Maestro Morales-Matos constructs satisfying Christmas program
Over the years, Maestro Morales-Matos has mastered the art of constructing a satisfying Christmas program. It consists of the familiar mixed in with some novelties and concluding with the audience’s participation in rhythmic clapping in the Radetsky March. That this fixture has nothing to do with Christmas is beside the point. It is a joyous work, and it always sends people home in a festive mood. What more could we hope for?
In spite of the bitter cold, a good crowd was on hand for the first concert on Sunday afternoon in Gray Chapel, which I attended. Beginning with “Christmas Memories,” a medley arranged by Bruce Chase of pop favorites such as “Santa Claus is coming to town,” and “Frosty the snowman,” was followed by Johann Strauss’s “Beautiful Blue Danube Waltz,” a pleasant change of pace.
Dwight Lenox was back again this year, and a welcome presence he is. He offered “The Most Wonderful Time of the Year,” as arranged by Rebecca Larkin, in something of a souped up version, followed by an arrangement of “Santa Claus is Coming to Town,” by Jolley /Zucker,which was very attractive.Lenox returned a bit later for his concluding number, “Bending toward the light,” arranged by Alan Klinect. All of Lenox’s songs were premieres,which tends to add freshness by presenting a slightly different take on old classics. It is also worth noting that Rebecca Larkin, Todd Zucker and Alan Klinect are Ohio Wesleyan students.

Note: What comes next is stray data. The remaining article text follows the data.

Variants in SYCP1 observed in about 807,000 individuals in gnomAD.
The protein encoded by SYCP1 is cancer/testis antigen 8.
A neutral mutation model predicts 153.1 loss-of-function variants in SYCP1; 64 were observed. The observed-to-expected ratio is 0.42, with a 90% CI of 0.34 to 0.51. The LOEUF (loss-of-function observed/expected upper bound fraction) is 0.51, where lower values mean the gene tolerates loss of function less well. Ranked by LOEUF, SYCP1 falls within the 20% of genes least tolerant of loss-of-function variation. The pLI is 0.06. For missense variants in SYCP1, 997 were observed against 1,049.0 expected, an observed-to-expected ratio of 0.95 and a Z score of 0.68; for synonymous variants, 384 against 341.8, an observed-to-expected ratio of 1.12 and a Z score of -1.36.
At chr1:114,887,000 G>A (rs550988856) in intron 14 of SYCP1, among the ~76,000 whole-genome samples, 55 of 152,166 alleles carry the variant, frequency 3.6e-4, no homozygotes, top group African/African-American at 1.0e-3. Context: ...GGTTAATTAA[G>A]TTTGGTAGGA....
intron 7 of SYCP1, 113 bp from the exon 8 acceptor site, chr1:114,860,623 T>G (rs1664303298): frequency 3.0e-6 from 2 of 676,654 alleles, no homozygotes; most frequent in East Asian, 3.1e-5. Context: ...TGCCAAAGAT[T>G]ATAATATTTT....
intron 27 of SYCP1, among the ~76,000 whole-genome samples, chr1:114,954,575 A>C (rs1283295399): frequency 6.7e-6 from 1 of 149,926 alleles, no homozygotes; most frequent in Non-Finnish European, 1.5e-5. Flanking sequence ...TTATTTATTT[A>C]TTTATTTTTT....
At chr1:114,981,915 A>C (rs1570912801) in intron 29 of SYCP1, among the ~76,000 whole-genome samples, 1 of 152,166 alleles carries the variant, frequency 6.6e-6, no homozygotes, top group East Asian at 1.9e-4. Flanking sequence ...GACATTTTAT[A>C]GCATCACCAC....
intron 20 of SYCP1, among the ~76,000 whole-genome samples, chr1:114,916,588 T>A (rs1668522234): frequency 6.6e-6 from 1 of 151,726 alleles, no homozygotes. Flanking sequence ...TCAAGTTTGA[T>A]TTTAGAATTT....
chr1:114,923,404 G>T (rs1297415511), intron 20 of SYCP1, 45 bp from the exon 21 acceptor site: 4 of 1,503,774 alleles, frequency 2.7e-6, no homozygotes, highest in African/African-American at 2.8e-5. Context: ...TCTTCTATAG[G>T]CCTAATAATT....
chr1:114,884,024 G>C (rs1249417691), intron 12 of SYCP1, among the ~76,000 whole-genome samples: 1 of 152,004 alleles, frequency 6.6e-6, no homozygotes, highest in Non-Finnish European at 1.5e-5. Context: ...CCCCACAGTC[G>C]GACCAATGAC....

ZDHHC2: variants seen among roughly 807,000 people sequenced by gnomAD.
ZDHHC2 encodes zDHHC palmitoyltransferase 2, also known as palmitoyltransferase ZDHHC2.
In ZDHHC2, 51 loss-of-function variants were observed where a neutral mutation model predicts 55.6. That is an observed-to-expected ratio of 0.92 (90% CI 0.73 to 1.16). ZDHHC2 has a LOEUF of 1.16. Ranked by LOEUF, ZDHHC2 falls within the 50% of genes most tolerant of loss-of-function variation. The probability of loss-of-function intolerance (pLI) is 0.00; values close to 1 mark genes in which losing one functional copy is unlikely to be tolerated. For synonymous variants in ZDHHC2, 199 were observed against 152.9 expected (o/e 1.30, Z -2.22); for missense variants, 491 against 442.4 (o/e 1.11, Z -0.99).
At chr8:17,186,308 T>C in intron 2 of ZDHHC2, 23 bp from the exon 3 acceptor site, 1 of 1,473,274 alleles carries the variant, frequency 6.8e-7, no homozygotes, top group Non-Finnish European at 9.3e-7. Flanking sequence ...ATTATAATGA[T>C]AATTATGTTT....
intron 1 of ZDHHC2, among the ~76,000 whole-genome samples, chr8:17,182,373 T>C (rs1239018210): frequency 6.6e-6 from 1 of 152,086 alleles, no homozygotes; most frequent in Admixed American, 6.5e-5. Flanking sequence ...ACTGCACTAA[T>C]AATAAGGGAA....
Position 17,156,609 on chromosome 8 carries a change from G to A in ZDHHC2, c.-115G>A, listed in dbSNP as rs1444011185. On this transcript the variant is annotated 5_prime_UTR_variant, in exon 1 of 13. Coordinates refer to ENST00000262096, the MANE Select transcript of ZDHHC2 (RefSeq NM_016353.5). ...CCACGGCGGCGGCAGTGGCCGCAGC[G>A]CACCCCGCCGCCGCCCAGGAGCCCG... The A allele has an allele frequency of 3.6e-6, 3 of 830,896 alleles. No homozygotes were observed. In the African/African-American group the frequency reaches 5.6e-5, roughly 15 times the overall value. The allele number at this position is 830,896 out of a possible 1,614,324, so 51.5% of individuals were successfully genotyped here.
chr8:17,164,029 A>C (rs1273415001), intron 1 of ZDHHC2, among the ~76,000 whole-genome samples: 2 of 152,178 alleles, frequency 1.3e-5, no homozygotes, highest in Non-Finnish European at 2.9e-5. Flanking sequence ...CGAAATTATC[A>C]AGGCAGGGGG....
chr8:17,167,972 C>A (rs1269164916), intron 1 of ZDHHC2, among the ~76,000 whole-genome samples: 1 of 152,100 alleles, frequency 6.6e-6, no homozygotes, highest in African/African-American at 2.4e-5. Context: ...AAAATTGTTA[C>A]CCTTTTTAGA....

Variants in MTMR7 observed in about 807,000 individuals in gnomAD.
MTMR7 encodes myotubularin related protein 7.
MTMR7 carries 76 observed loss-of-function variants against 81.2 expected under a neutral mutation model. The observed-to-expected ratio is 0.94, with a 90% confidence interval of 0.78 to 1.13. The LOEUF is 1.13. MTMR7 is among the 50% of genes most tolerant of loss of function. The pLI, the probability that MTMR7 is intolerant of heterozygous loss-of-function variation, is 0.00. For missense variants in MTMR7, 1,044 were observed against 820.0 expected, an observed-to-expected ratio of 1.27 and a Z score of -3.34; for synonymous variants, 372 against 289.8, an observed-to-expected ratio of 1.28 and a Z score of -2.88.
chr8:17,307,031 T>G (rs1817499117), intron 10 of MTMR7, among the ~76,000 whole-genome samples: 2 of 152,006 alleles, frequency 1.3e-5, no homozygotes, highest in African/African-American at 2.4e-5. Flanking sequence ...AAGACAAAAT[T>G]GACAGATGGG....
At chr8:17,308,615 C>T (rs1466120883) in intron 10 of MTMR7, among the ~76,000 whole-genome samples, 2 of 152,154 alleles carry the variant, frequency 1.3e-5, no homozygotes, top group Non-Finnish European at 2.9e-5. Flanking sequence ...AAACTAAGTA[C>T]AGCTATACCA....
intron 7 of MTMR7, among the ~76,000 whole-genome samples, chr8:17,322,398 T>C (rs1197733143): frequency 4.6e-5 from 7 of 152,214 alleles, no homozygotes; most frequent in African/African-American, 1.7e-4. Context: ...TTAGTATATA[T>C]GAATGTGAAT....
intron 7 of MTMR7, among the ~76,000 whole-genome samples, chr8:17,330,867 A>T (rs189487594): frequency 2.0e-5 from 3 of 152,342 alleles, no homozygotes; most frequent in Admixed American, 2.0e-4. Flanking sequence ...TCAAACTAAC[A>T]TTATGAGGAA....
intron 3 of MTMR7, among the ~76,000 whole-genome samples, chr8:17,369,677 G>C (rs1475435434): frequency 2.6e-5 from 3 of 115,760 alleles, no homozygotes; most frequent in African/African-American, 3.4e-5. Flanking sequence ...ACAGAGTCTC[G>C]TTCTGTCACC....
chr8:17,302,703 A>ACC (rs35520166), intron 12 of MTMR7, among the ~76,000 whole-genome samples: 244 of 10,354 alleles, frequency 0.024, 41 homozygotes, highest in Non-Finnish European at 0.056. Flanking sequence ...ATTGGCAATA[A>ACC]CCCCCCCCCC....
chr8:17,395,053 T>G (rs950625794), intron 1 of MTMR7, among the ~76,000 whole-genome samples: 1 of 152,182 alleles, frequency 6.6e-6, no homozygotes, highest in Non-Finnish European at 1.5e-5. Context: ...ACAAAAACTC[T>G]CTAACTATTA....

After Lenox’s first two songs, came the “March of the Toys,” from Victor Herbert’s operetta “Babes in Toy Land.” This was an inspired addition this year and one which might achieve a repetition for next year.
The other soloist of the afternoon was pianist and composer, Bradley Sowash whose “Patapan” arrangement was also a first. It turned into an aggressively jazzy piece,which had heads bobbing across the hall. “Advent” from “the Spirit of Christmas 2, was a set of variations on “O Come Emmanuel.” A final Sowash arrangement of “What Child is this?” managed to combine the sacred and profane. It began with a serious statement by the strings which then turned into a rather wild and amusing jazz treatment of the theme.
The final section of the concert was devoted to old tried and true works: Mel Torme’s “Christmas Song”, a sing-along version of “Silent Night,” Leroy Anderson’s “Christmas Festival,” and the afore mentioned “Radetsky March.” In spite of the bitter weather, everyone had a good time. This was one of the better Christmas concerts within recent memory. ‘Merry Christmas to all/ and to all a Good Night.”
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